Policy Analysis: Native Students and Their White Peers

Many see education as the key to future opportunity and success for children of all backgrounds. However, deeply entrenched inequities can obstruct future opportunities and successes for many American Indian and Alaska Native students (hereafter referred to as Native students). These inequities are apparent in the substantial achievement gap that exists between Native students and their white peers. On national reading and mathematics exams, Native students perform two to three grade levels below their white peers. Additionally, Native students face myriad difficulties outside of the classroom, including high levels of poverty and challenges with both physical and mental wellness.

Despite these problems, opportunities exist for action that could positively impact educational outcomes for Native students. This report provides an overview of the major education issues the Native student population faces and the current policies that exist to address those issues at the federal and state levels.

View State and Federal Policy: Native American youth by ECS online as PDF

Resource: Equity and ESSA Leveraging Educational Opportunity Through the Every Student Succeeds Act

Despite the American promise of equal educational opportunity for all students, persistent achievement gaps among more and less advantaged groups of students remain, along with the opportunity gaps that create disparate outcomes. However, the recent passage of the Every Student Succeeds Act (ESSA) represents an opportunity for the federal government, states, districts, and schools to equitably design education systems to
ensure that the students who have historically been underserved by these same education systems receive an education that prepares them for the demands of the 21st century.

ESSA contains a number of new provisions that can be used to advance equity and excellence throughout our nation’s schools for students of color, low-income students, English learners, students with disabilities, and those who are homeless or in foster care. We review these provisions in four major areas: (1) access to learning opportunities focused on higher-order thinking skills; (2) multiple measures of equity; (3) resource equity; and (4) evidence-based interventions. Each of the provisions can be leveraged by educators, researchers, policy influencers, and advocates to advance equity in education for all students.

 

View entire report online (PDF)

Google Classroom Resources

Google Classroom and Class Roster

PBS LearningMedia added two new features:

  • Class Roster
    Educators now have the ability to create their own class roster, which enables them to assign specific lessons to students and monitor student progress. To find this feature, click “Classes” in the Dashboard menu within the teacher view of PBS LearningMedia.
  • Google Classroom
    A share button to import PBS LearningMedia resources directly into Google Classroom was added. To find the button, navigate to the resource you wish to add and click the green Google Classroom button located to the upper right of the resource’s description.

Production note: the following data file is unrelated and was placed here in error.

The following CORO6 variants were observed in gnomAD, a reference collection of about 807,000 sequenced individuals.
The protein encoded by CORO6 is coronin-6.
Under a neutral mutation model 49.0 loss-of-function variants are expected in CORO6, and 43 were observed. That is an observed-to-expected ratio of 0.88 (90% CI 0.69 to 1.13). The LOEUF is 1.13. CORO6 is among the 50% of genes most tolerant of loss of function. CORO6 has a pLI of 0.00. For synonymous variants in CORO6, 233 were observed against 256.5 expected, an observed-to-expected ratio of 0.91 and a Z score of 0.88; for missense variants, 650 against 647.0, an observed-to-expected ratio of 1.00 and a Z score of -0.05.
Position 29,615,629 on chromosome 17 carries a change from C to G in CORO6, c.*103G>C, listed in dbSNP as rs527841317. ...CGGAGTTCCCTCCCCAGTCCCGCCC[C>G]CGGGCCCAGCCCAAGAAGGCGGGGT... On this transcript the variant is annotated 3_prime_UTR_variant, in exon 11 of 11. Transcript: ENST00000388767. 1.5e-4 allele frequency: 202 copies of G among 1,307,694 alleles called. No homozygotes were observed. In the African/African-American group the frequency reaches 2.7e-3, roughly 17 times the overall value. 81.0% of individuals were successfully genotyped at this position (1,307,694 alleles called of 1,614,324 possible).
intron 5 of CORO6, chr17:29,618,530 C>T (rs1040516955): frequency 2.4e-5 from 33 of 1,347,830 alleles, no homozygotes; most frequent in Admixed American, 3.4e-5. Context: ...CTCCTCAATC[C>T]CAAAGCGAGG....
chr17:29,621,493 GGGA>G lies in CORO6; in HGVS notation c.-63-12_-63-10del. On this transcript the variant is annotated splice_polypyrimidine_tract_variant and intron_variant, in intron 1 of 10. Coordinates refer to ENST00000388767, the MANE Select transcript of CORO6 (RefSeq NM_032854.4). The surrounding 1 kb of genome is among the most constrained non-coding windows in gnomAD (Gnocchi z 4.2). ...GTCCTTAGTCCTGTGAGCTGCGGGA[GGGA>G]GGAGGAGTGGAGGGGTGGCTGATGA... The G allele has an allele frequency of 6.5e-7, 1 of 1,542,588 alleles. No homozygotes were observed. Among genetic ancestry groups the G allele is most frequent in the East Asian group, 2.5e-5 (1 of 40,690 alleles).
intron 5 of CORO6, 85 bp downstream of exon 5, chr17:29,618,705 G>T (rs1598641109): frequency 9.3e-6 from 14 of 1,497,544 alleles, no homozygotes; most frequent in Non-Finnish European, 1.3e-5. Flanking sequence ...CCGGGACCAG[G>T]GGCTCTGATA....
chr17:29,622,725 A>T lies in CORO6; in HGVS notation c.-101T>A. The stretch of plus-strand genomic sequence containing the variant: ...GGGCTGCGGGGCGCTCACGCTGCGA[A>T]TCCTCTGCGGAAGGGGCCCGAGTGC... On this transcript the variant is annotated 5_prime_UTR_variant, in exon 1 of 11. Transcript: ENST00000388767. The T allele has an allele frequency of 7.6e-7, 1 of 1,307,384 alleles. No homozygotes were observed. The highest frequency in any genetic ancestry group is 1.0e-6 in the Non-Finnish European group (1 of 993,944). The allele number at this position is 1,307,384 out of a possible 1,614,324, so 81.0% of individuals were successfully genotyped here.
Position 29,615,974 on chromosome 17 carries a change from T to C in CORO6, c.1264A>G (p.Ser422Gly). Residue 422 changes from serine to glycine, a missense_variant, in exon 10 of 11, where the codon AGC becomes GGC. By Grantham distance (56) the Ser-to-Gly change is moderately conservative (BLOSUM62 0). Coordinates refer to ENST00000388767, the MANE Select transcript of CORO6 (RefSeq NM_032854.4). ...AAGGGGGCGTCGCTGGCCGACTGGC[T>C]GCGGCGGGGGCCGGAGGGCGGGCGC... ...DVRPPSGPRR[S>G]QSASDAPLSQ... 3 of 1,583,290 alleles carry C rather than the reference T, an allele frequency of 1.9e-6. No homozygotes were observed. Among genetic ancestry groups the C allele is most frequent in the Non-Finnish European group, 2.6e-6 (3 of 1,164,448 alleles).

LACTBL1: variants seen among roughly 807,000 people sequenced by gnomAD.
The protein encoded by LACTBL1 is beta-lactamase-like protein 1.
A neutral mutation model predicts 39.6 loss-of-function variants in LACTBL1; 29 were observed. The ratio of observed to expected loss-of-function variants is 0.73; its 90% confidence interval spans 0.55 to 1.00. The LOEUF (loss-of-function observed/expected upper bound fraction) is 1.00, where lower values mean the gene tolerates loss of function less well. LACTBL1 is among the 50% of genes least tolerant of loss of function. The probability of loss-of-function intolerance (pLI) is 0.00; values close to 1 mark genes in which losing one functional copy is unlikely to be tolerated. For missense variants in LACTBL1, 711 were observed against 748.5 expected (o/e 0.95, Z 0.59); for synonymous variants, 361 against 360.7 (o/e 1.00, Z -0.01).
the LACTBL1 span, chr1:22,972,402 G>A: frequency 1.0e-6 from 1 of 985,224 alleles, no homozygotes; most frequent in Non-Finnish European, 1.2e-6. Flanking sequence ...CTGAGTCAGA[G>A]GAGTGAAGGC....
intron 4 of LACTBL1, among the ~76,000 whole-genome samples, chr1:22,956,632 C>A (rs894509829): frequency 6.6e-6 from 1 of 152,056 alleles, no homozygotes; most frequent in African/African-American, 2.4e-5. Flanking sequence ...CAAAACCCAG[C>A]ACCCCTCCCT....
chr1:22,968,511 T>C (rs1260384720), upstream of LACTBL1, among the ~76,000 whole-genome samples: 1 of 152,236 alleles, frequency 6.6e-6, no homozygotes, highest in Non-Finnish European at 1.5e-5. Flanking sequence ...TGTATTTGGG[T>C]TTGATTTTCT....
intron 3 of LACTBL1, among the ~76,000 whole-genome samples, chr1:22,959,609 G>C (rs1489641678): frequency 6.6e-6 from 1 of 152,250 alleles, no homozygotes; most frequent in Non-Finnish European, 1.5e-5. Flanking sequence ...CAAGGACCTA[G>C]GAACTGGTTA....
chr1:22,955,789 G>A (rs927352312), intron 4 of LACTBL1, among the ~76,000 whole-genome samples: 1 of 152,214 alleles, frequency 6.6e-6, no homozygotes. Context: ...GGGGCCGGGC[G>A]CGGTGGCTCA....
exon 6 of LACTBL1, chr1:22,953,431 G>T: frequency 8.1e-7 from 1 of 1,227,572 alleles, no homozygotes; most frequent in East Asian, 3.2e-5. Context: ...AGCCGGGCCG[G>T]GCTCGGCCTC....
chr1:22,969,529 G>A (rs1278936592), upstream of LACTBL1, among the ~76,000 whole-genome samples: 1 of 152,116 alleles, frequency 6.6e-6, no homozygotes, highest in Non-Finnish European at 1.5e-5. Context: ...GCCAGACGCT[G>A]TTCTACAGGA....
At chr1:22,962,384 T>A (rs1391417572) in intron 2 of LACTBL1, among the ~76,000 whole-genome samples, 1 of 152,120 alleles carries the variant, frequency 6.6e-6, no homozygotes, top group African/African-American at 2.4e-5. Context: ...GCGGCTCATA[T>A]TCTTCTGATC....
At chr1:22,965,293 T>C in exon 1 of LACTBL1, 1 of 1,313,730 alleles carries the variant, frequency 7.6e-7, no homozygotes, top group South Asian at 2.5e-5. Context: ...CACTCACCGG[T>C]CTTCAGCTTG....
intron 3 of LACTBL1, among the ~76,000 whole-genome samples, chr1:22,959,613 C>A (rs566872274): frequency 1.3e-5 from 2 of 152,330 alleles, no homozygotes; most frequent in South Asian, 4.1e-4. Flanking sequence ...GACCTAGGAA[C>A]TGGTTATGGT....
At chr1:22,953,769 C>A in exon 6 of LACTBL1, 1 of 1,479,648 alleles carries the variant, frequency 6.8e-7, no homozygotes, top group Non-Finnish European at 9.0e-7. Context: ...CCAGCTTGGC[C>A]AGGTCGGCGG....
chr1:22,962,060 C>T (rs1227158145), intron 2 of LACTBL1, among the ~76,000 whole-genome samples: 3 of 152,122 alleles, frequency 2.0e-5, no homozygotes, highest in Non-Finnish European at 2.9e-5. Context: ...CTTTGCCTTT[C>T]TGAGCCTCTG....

Bullying Awareness Day

Event Date

Wednesday, September 27, 2017
Add to Calendar

Event Description

Established as one of 21 Wisconsin Public School Observance Days to bring attention to the harmful affects of bullying in the school setting. Bullying may negatively impact a student’s connection with school, their engagement with the curriculum, and their overall ability to learn. Bullying prevention is critical to building a school environment conducive to learning and where students feel safe at all times. Observed annually on Wednesday of the fourth week in September.

Enacted May 12, 2010, from the 2009 Laws of Wisconsin, Act 309.

More information and educational resources are available on the Department of Public Instruction Social Studies Education Observance Days website or on the  Safe Schools Bullying Prevention website.

*info from https://dpi.wi.gov/education-events/events/bullying-awareness-day-2017

Evaluating SOC in Tribal Communities Webinar

Children’s Mental Health Initiative (CMHI)
National Evaluation Web Event Training Series
Evaluating Systems of Care in Tribal Communities
Tuesday, September 26, 2017 | 2:30 – 4:00 pm ET
REGISTER NOW https://goo.gl/Ayzy4n

Understanding American Indian and Alaska Native Early Childhood Needs

Understanding American Indian and Alaska Native Early Childhood Needs: The Potential of Existing Data

This report describes preliminary work in support of an early childhood needs assessment for American Indian and Alaska Native (AI/AN) children prenatal to age five. The report uses existing data to describe the population of AI/AN children and families and their participation in early childhood services.

*Listen to and Download PDF of report here

Using a Trauma-Informed Approach for Evaluation

Children’s Mental Health Initiative (CMHI) National Evaluation Web Event Training Series will host Using a Trauma-Informed Approach for Evaluation on Thursday, August 3, at 1 p.m. ET. Presenters will discuss trauma issues in evaluation from the perspective of youth and families from whom data is collected. This webinar will also identify techniques for data collection that use a trauma-informed approach.

Webinar: Promoting Child Well-Being by Using Machine Learning Algorithms

Promoting Child Well-Being by Using Machine Learning Algorithms